weekend

Playlist 09.16.18 : Five Songs for the Weekend

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Playlist 09.16.18 : Five Songs for the Weekend
@carolinanashtai
Playlist 09.16.18 : Five Songs for the Weekend
@carolinanashtai
Playlist 09.16.18 : Five Songs for the Weekend
@carolinanashtai

Daniel T. – Heat-Wave

Los Angeles based DJ/Producer Daniel Terndrup aka Daniel T., has announced the release of his debut album Heliotrope. The sun kissed first single is ‘Heat-Wave’ a shimmering piece of disco/house named after his radio show and weekly party night at Gold Diggers. The fastidious record collector and prolific remixer formerly constituted one half of Cosmic Kids alongside Ron Poznansky before going solo and releasing his globally focused and sonically kaleidoscopic debut mini-album Tetrachromat in 2015. Cannot wait to lay the ears on the full album which sports collaboration on vocals from Ohara Hale and Eiko Hara, plus a cameo by Poolside’s Filip Nikolic aka Turbotito.

Read the rest of this article at Indie30

Weezer – Say It Ain’t So (Young Bombs Remix)

Just in case you weren’t aware, way back on May 10th 1994, Weezer released their self-titled debut studio album. That epic release featured 10 classic anthems, but “Say It Ain’t So” may be the most notable single from the album. And over the 24+ years since the album’s release, that single has taken over the world, leaving fans wanting more.

Enter Young Bombs, who have recently dropped massive remixes of Post Malone, Khalid, Bazzi, Kygo & Miguel. Today, they return with another mind-blowing remix, this time, taking on Weezer’s smash hit “Say It Ain’t So.”

Read the rest of this article at The Middle Phinger

Untitled – Eighty-Two

Little is known about the band Untitled, but their debut track, Eighty-Two, has that perfect eighties vibe that’s optimistic and catchy. We’ve been playing it all weekend long and are looking forward to hearing more from them.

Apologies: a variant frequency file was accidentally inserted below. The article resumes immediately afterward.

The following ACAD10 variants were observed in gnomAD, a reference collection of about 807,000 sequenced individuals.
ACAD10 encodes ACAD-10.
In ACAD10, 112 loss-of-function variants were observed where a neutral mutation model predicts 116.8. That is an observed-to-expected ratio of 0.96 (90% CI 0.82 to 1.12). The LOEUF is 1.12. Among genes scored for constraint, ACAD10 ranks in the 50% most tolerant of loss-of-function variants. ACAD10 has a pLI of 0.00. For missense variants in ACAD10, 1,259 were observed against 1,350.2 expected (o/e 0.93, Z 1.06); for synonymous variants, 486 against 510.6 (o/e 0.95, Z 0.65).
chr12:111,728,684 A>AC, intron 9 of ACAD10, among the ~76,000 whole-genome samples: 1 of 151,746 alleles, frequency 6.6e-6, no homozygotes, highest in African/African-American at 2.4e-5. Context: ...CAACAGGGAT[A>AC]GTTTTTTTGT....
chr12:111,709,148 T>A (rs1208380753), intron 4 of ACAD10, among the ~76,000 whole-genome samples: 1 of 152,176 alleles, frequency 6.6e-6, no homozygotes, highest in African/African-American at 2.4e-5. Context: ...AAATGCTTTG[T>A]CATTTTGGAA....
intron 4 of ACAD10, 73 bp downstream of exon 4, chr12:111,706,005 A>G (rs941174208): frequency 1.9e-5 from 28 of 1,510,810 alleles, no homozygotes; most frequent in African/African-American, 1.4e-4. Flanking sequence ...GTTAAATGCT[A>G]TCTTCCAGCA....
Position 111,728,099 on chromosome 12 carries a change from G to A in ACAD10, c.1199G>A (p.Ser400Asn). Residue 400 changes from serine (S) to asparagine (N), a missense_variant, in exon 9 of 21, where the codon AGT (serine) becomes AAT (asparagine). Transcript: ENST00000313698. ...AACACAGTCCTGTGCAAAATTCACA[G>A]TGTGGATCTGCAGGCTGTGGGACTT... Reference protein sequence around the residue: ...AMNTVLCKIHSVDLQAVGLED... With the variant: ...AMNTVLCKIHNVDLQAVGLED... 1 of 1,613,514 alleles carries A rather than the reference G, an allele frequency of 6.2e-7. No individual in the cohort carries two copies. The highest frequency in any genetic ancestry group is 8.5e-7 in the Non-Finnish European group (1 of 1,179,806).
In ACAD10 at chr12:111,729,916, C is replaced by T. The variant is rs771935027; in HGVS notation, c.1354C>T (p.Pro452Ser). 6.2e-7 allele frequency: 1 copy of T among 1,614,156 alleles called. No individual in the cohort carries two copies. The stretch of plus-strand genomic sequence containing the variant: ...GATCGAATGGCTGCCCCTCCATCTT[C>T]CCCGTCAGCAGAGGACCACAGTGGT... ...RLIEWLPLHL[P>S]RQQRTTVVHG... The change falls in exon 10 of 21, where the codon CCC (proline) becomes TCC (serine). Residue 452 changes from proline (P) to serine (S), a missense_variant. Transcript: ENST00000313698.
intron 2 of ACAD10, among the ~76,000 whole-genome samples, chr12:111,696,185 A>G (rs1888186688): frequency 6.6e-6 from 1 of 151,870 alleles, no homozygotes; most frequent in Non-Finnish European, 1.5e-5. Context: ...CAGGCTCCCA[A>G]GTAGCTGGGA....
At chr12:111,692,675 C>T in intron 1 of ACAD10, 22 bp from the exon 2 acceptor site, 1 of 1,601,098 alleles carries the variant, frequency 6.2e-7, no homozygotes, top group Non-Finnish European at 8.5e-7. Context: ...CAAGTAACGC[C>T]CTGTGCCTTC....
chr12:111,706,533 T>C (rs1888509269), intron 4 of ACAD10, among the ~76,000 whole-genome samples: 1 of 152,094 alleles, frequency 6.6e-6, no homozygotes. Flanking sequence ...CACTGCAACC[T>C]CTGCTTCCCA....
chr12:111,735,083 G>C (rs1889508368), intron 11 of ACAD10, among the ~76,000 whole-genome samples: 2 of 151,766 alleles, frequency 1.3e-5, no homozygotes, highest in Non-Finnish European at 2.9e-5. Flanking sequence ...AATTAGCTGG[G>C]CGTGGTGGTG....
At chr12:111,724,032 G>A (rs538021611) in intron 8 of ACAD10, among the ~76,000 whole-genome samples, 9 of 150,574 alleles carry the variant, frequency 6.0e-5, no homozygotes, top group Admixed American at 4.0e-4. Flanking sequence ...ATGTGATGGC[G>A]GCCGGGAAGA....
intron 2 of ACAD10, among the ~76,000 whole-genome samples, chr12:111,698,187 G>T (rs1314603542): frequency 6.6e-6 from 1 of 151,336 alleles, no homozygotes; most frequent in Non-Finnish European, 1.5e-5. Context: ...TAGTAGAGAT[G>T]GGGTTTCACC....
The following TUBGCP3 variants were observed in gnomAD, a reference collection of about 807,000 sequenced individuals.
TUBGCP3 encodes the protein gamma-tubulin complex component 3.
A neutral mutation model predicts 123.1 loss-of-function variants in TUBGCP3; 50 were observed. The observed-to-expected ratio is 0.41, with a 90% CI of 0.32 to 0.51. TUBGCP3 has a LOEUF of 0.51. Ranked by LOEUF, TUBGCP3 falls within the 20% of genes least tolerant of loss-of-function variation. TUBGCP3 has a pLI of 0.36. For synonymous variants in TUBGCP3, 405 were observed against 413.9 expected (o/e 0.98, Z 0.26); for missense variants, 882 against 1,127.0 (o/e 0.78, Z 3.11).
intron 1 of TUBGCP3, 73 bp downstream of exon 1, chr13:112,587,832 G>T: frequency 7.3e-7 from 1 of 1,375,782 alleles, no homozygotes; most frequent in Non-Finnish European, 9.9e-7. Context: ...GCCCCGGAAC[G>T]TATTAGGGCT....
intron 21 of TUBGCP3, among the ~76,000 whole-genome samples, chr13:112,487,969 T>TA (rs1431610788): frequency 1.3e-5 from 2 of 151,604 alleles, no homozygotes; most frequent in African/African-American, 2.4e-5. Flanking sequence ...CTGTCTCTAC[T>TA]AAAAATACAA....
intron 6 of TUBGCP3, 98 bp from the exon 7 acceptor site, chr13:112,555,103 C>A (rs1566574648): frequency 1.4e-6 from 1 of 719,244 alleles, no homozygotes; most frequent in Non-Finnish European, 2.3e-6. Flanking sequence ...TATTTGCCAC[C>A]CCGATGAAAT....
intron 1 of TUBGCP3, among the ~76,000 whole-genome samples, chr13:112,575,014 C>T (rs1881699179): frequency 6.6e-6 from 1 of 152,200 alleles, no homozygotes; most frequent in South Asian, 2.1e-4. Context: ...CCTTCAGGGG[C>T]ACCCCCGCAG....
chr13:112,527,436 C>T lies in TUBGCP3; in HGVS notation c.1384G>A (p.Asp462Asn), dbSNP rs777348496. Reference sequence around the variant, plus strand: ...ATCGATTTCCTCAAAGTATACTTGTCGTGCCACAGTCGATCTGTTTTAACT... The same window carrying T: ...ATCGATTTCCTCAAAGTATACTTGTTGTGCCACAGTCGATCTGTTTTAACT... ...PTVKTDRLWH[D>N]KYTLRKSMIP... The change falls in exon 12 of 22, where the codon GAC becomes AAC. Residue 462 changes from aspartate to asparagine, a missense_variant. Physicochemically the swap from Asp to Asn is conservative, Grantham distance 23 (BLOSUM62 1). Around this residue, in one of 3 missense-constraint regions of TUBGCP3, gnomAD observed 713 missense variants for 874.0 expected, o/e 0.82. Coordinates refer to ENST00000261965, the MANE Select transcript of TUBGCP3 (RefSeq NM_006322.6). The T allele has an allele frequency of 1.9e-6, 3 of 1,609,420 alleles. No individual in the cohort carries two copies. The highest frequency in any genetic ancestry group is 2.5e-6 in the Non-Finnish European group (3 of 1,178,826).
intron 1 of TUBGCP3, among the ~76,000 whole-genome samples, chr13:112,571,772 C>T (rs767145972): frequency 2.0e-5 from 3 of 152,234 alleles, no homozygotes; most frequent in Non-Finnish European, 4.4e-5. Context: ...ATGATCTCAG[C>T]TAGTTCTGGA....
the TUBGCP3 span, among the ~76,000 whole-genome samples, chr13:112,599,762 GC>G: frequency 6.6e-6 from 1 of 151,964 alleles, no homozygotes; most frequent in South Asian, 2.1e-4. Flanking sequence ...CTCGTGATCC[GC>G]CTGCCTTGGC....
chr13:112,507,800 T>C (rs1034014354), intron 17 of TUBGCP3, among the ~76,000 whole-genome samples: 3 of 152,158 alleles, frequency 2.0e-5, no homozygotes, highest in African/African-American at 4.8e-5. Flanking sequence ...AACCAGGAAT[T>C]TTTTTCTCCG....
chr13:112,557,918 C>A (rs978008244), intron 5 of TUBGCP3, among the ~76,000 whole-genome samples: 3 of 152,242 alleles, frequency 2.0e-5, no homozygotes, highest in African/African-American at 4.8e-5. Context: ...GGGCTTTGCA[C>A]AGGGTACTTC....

ODESZA – Loyal

Odesza just hit us with an official version of track they’ve been playing out live for years! The duo’s most loyal followers couldn’t be happier, because this one has been a long, long time coming.

Before now, the only way to hear this gem was to see an Odesza show. Toward the end of any given set, there’s a moment where Harrison Mills and Clayton Knight go as hard as possible and leave it all on the stage. It’s usually when “Loyal,” or some working version of it until this point, comes on and totally blasts the crowd with deep horns and all the feels at once.

Odesza has worked this track to utter perfection over the years. “Loyal” builds up to its epic drop through deep tribal roots, with enticing chants and the duo’s signature drumline sounds in the mix. Now, that we have the finished result, it was well worth the wait.

Read the rest of this article at YourEDM

WIKI – In The Park (ft. Gloss Gang)

Wiki has a remarkable way of bottling up New York in his raps. The young Manhattan MC is frantic and frenetic, and his verses sprawl across the city, but he also uncovers little revelations and moments of peace amid the noise. He snarls lucid inner monologues and shouts out frazzled, beer-spilling party raps in the same verse.

His latest single, “In the Park,” might be unsubtle, in that is another song that reminds us New York is the birthplace of hip-hop. And in the hands of a lesser rapper, this would seem like a nostalgic put-on—just another tracing of the genre’s lineage. But Wiki sounds like he’s holding court in a skate park, not standing at a lectern: “It all started in the city/Now they know us in the sticks,” he yells. The Tony Seltzer-produced beat is a little wonky, with the jumble of a ragtime piano riff and fluttering flute boxed in by a thumping bassline. The whole song is a playground for chest-thumping shit-talk, and the upstart Brooklyn duo Gloss Gang—rising rappers themselves—help turn it into a boisterous cypher. Swook and 700Stackzs chip in fun, chatty verses but it’s Wiki who makes “In the Park” not just lively but lived-in, and steeped in a sense of place. At one point, something in the cityscape catches Wiki’s eye and yanks him away from his own scene: “Heard ‘honk-honk’ and I hopped up in the hoopty,” he blurts out before it all ends. Not many rappers can effectively hold a mirror up to their city, but Wiki drops you right inside of his world.

Read the rest of this article at Pitchfork

P.S. previous PLAYLISTS & more by P.F.M.